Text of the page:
Written on 4/30/2009 by Ali Hale. Ali is a professional writer and blogger, and a part-time postgraduate student of creative writing. If you need a hand with any sort of written project, drop her a line (ali@aliventures.com) or check out her website at Aliventures.Photo Credit: beltzner

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Friday, May 01, 2009

A Salute to My Uncle Carl

This time of year reminds me of my late Uncle Carl. This shot was taken 6 years ago when they were visiting friends during Derby weekend. My Uncle Carl was the youngest of 4 on my Dad's side of the family, all that is left is the oldest brother, my Uncle Dean.

Carl was famous for his practical jokes, his sense of humor and his faith. He actually lived a couple years longer than the doctors predicted with some serious health problems. My favorite story that he told me about 7 years ago was how he became a one eyed helicopter pilot. Back in his day, to become a pilot they had to take a vision test that included reading an eye chart.

So, he took his hand and covered his eye and read the chart perfectly. However he was blind in the other eye. When the military doc told him to read the chart with his other eye, he lowered his hand and put his other hand up covering the same eye and passed the test! A few months later, he did it again and got his helicopter pilots licence!

Thanks Uncle Carl for being a part of our lives!

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Thursday, April 30, 2009

For the Man in Your Life

One of the blogs I subscribe to (via email) is the Art of Manliness. With the recent news of an 11 week shut down at our local GM Truck plant and other job losses all around (and as a guy), I know how a man's self worth is often tied to his job. Right or wrong, it often is.

The Art of Manliness


Ask Wayne: Man Hasn’t Had Passion for Anything in Years

Posted: 29 Apr 2009 06:08 PM PDT

askwayne1 Ask Wayne: Man Hasnt Had Passion for Anything in Years

Q:

I am 42, never married, in a stable job, and feeling crappy most of the time. I remember a time when I was very passionate about life. But it has been a long time since anything has excited me. I do not particularly enjoy my job. I seem to have relationships that last a year or so and then slowly fizzle. I have read many self-help books regarding finding your passion, self-esteem, and higher purpose. But I am still looking for the answer. Do you have the answer for me?

A:

Some might just diagnose you as depressed, refer you to the nearest pill pusher, and then call it a day. That ain’t my style. In fact, the only time I can support the use of meds is if you’re balled up in the fetal position and incapable of functioning. Granted, my perspective is not especially popular in this pharmaceuticals-knows-best culture of ours.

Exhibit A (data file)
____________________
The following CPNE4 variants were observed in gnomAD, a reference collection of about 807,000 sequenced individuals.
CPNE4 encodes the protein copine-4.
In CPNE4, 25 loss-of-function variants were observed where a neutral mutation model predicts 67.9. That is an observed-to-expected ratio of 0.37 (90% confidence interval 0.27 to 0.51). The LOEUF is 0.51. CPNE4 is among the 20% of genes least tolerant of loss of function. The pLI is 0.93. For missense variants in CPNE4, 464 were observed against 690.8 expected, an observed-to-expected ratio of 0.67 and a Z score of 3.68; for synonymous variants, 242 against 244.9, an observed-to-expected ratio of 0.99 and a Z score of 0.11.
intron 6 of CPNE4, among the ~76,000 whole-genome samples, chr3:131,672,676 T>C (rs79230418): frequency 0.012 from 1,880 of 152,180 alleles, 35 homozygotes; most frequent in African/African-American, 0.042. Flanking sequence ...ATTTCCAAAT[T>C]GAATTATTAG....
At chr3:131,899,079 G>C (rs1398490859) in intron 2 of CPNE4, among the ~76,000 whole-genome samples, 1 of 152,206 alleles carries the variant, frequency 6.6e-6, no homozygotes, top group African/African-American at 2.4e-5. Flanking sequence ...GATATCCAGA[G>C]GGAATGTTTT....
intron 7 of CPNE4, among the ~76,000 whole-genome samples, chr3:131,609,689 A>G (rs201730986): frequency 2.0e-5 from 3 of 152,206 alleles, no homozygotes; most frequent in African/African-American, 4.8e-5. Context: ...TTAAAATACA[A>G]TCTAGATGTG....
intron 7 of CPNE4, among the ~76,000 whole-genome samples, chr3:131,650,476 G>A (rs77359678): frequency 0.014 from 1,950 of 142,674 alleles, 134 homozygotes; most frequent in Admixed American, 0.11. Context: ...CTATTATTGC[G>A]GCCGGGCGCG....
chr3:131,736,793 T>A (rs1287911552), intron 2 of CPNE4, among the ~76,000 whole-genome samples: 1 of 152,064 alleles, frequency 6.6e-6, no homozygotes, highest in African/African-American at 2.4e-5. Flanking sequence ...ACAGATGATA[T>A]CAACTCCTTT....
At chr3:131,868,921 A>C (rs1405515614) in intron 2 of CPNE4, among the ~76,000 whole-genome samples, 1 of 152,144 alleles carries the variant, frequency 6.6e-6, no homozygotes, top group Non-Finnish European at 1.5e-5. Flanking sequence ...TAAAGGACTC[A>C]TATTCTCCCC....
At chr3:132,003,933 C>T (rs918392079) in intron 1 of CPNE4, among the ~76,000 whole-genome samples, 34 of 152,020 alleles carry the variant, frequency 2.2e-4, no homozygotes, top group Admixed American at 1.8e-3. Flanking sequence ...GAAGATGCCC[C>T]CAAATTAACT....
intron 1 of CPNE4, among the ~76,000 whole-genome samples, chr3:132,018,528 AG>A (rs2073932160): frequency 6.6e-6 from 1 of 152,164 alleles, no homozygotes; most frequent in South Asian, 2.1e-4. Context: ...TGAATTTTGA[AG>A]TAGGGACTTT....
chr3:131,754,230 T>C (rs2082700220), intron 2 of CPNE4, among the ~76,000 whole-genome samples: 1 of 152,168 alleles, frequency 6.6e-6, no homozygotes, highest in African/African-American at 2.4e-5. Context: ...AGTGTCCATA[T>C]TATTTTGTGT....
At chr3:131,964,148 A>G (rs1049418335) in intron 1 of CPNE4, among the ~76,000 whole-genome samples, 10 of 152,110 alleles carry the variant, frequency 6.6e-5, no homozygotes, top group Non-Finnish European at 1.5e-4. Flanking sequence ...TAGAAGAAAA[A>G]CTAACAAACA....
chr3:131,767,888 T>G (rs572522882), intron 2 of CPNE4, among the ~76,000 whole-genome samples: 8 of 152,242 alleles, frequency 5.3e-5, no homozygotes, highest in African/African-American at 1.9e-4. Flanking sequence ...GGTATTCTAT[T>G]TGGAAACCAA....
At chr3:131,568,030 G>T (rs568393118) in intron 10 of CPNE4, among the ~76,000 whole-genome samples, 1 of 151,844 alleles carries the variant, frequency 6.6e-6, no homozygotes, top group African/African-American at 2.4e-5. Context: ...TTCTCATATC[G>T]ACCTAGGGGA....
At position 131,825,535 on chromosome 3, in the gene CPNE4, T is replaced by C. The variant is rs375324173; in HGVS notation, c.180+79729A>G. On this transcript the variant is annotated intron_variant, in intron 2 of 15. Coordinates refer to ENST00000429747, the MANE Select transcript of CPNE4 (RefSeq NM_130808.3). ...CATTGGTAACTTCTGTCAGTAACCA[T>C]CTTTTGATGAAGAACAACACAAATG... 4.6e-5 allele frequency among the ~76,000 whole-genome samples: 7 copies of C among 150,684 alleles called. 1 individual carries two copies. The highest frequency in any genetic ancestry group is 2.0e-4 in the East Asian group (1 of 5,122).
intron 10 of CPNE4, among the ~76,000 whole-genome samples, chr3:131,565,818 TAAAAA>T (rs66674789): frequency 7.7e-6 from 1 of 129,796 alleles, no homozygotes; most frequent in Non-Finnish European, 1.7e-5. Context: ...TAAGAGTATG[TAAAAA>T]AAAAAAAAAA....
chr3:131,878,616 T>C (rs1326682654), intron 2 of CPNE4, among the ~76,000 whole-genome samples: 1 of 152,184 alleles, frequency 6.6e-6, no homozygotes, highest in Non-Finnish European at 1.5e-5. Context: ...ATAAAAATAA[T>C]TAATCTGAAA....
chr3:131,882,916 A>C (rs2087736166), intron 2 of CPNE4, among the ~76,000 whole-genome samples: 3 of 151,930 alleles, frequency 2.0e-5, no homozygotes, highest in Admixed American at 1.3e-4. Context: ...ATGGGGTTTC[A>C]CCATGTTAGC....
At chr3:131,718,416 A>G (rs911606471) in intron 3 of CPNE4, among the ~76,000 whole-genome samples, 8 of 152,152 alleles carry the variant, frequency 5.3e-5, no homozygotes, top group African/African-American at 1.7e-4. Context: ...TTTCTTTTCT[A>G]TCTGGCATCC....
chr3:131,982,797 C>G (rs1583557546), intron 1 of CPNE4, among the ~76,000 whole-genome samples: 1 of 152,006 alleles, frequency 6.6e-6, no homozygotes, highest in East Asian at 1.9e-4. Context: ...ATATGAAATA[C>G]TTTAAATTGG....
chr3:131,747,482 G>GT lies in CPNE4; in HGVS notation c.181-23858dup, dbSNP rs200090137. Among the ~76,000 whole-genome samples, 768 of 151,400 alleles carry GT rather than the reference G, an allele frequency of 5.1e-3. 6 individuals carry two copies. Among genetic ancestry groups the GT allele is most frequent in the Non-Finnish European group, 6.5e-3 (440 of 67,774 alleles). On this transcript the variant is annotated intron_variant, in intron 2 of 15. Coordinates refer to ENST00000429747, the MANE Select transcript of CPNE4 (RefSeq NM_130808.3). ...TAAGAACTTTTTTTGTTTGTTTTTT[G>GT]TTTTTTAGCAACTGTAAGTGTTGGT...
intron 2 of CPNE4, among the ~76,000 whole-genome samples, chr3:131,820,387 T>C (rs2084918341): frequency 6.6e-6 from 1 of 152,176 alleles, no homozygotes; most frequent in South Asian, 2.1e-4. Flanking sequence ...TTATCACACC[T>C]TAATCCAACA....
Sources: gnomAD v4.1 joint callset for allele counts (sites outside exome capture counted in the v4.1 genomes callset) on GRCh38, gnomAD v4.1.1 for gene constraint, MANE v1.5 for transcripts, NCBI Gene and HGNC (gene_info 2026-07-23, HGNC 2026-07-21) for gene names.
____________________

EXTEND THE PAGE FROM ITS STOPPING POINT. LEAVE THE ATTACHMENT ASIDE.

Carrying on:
But if you’re functioning at home and at the job and are just stuck, unhappy, but willing to do some work to turn things around, I think there is a better way.

You need to take action and you need to stop doing it alone. And by the way, the answer isn’t another romantic relationship. The answer for you is meaningful relationships with men.

We have a few generations of men who have habitually sought out the feminine to solve their problems, to heal their wounds, to make them happy. However, after the short-term thrill has worn off, the men are just as miserable, maybe more so. Why? Because we need to fix our problems. By retreating to the feminine-be it serial monogamy, recreational sex, porn, hookers, etc.-we’re not fixing our problems, we’re just getting another “fix” for our addiction. So, we wake up the next morning feeling even worse.

What most men don’t know is that what ails them is a lack of connection with masculine energy, with the masculine within, with our fathers. That’s right, we are our fathers’ sons. And to be the man you want to be, one of your challenges will be to come face to face with that original relationship with a man, your dad.

What happens when you’re in the company of initiated men, men who are committed to your growth and theirs, and are willing to hold you accountable and be held accountable to a much deeper, trusting relationship-is you begin to get fathered by the other men. Eventually, you become more comfortable in your own skin as you find your place among the men. You also have the opportunity to learn the lessons from your father, so you can move forward into manhood.